Tag Archives: Wildlife Conservation

To Sustainability and Beyond!

On Friday 27 September 2019 I had the opportunity to participate in the Schools Strike 4 Climate Change in Auckland, New Zealand. As a conservation educator it was a thrilling moment to be able to march alongside my colleagues and the youth of the world as we speak up to secure our World’s future.  To continue to walk my talk of many years.

Image from Bitmoji App

Now not everyone agrees with Greta Thunberg’s or Severn Suzuki’s type of action.  But this is just one approach that supports countless others as we each work or fight for change in our own way.  The future of our planet really does rely on every individual, mindful action as well as policy change at the highest levels of government.

I was sixteen years old when 12-year-old Severn Suzuki gave her moving call to action at the UN Earth Summit in Rio 1992.  The South Africa I grew up in was only just emerging from the evil, tragic grip of apartheid.  Rio’s Earth Summit certainly did not play out widely in my troubled environment.  I didn’t even hear about Severn and the Rio Summit at the time.  I only got to hear about her and the Earth Charter at university a few years later while completing a degree in Environmental Science.

There was no such thing as recycling of rubbish while I was growing up.  But I did have an inspiring Geography teacher who talked about CFCs and the hole in the ozone layer, rising sea levels and global warming.

An immense amount of Good Work has been done since then.  Voices for action can derive hope from that, I think.  I know I do.

My personal journey with Sustainability started as a child, privileged to be surrounded by the magic of prolific wildlife.  Though back then I would not have described my passion as ‘in aid of Sustainability’. 

Wildlife conservation is my original passion.  For me, the heart of my desire to make a difference in the World has always been derived from my intense love of all things wild in Africa – wild, pure, open spaces and all the marvellous creatures that are so precious, deserving of their right to life and their perfect role in a thriving ecosystem – simply because they are, like I am! 

As I hit my tweens, I started to realise that the human world I had been born into was messy.    I became aware of the concept of Ubuntu.  In light of this ancient truth I could see that South Africa was in a dark place.  I am because we are – for me “we” is all aspects of Mama Africa, and by extension, Mother Earth.

The ‘wildlife’ concept of conservation had to be expanded to include human communities.  Some decades later I guess we would now refer to this more holistic approach as ‘Social Sustainability’.

My degree focused on Environmental Science and Conservation Biology.  I began to understand sustainability – the complexity of unsustainable human practices that focus on technological advancement, convenience and to some degree simply because we can…. pushing the human brain to its creative limits.  This level of advancement and focus on economics, profits and convenience is energy-intensive, to say the least, and the highest cost has been to Mother Earth.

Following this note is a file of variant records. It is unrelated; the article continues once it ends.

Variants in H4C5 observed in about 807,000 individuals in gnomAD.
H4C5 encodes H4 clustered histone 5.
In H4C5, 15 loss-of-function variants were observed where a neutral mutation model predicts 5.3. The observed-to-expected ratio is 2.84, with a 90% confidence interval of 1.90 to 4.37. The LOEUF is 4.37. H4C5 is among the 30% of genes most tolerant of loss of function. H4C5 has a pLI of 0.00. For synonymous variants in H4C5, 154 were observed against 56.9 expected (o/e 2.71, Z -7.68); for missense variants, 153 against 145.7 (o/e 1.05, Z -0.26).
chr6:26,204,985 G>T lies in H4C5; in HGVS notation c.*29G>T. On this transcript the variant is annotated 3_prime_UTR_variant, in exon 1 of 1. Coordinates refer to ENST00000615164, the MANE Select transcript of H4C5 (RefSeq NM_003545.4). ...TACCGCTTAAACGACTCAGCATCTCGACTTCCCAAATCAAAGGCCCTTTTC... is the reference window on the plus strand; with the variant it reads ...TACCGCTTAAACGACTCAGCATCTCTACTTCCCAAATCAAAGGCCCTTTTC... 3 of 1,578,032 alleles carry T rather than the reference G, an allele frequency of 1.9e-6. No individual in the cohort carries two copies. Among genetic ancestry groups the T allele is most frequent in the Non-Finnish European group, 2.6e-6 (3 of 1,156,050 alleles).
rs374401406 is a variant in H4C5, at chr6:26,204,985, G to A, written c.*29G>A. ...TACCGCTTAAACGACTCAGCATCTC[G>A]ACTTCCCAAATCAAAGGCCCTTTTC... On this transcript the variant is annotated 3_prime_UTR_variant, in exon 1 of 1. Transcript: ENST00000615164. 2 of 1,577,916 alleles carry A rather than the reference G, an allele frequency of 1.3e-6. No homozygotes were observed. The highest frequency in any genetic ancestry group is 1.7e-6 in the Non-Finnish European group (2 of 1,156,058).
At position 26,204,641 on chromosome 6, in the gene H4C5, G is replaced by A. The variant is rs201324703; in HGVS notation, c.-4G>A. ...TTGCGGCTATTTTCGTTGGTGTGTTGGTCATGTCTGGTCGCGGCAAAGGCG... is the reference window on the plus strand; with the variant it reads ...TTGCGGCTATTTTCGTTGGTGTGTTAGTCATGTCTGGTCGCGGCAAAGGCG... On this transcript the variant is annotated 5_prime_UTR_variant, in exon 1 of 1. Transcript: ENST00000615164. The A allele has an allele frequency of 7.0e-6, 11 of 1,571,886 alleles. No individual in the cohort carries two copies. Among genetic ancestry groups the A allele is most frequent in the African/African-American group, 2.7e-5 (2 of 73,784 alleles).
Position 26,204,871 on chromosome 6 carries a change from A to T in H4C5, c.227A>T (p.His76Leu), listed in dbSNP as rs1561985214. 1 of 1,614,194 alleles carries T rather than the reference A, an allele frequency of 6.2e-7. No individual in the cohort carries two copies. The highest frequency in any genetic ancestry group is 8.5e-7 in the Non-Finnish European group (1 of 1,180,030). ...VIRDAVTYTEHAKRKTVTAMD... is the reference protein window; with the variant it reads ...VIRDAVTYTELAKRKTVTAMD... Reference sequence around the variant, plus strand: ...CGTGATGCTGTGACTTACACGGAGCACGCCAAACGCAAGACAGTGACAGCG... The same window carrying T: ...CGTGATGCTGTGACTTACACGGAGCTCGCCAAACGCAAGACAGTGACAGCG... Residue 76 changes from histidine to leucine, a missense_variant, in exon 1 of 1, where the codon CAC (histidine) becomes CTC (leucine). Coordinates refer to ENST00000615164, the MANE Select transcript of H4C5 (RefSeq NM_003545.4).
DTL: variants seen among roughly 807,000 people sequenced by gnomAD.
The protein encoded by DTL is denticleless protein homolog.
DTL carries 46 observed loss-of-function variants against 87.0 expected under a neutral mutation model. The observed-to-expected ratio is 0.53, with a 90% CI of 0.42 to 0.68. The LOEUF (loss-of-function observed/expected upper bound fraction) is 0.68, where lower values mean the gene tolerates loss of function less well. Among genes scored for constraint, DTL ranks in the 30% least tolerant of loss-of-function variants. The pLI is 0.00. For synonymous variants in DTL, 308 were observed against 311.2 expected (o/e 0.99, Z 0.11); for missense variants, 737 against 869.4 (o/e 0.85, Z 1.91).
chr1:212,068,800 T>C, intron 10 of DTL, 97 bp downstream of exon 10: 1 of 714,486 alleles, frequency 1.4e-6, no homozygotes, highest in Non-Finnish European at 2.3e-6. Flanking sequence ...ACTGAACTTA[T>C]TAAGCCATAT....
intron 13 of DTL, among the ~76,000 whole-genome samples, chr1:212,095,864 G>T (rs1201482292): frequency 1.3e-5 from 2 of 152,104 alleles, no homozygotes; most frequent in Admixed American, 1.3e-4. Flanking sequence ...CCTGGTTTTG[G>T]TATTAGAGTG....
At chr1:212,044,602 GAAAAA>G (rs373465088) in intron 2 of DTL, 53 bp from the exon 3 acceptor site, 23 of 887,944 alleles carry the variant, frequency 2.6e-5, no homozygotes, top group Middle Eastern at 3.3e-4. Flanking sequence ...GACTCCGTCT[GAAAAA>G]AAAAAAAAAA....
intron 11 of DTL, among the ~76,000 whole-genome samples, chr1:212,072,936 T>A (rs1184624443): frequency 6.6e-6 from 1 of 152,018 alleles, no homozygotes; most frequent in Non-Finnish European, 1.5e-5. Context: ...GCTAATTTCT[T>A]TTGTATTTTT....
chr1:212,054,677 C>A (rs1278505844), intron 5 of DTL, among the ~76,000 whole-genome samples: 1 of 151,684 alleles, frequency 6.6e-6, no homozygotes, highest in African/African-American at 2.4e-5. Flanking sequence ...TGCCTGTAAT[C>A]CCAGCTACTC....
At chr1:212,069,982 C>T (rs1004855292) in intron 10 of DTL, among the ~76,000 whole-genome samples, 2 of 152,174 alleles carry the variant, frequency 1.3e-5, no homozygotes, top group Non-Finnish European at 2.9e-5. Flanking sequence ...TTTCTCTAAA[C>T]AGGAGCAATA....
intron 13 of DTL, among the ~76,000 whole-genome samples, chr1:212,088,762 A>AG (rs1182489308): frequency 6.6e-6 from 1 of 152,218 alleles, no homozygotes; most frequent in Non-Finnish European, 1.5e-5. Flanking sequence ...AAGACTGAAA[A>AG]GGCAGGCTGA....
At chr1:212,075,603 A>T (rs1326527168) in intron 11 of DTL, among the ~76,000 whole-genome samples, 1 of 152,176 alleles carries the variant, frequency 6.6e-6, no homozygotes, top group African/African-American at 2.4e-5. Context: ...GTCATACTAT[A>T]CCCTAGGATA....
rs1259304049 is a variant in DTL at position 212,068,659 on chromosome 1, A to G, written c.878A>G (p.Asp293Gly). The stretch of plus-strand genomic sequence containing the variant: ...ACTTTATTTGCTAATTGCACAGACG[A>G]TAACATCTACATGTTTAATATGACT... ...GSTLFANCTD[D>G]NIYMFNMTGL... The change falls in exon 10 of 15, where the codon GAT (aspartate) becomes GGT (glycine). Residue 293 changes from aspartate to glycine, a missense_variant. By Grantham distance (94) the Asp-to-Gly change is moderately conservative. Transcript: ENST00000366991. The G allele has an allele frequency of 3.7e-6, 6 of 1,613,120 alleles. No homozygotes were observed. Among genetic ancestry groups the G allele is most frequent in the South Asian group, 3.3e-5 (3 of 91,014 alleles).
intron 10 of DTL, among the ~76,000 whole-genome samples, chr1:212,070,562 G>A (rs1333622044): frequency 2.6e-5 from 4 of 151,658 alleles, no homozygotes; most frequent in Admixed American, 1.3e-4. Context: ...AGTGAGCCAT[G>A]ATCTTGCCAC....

Even to people whose compassion doesn’t extend beyond their own family it must be becoming alarmingly obvious that the outcomes of unsustainable practices, particularly since the start of the Industrial Revolution, will affect their future – health, ability to generate wealth, perhaps even their whole way of life.

You would think that I would be a sustainable living Champion, with all the information I have gleaned in my education and in the course of my professional life as an environmental scientist and conservation educator!  But it has been a journey of years to put  the picture puzzle pieces together and genuinely start living sustainably.

To be honest, my practical buy-in started really simply with the 3RsReduce, Reuse, Recycle.  What’s possible in terms of recycling looks different in diverse parts of the world, depending on infrastructure and resourcing.  It varies greatly between urban and rural areas in New Zealand, where I am currently living.  And it will continue to change over time, hopefully rapidly and for the better.  Even just getting the 3Rs right can be confusing, frustrating and certainly inconvenient, depending where you live.

Image from Bitmoji App

So here’s what I’ve learned … being mindful of how I tread on this planet, and making environmentally conscious decisions, has to supersede convenience.  I recognise that it is not my right to live conveniently at the cost of All around me.

These days I work with the 7Rs in mind – Refuse, Reduce, Reuse, Recycle, Rehome, Replant, Rot.  Here is an image of what that looks like, taken from ubuntunomad.com.

The 7Rs of waste-free living – ubuntunomad.com

I also like this image (below), with RETHINK at the centre, taken from a Google image search – Be mindful of your consumption, your relationship with “things” and your relationship with the Earth.

Google image search – difficult to trace the source of this image.

From a place of Rethink anything is possible.  This is motivation to mindfully, actively, continuously pursue the 7Rs strategy.  For example, we can find out about composting in our area.  For me a recent delightful discovery has been that my hair salon belongs to the Sustainable Salons initiative – I’m very happy to support ingenious organisations like this. 

There are so many amazing examples like this now.  Yes, it does take a little extra time and energy to do the research, but I believe it is worth it in the long run. Spending money with local businesses that have sound sustainability initiatives is a simple and practical contribution everyone can make.  I have found social media to be an invaluable tool in connecting with environmentally conscious groups and organisations I can support.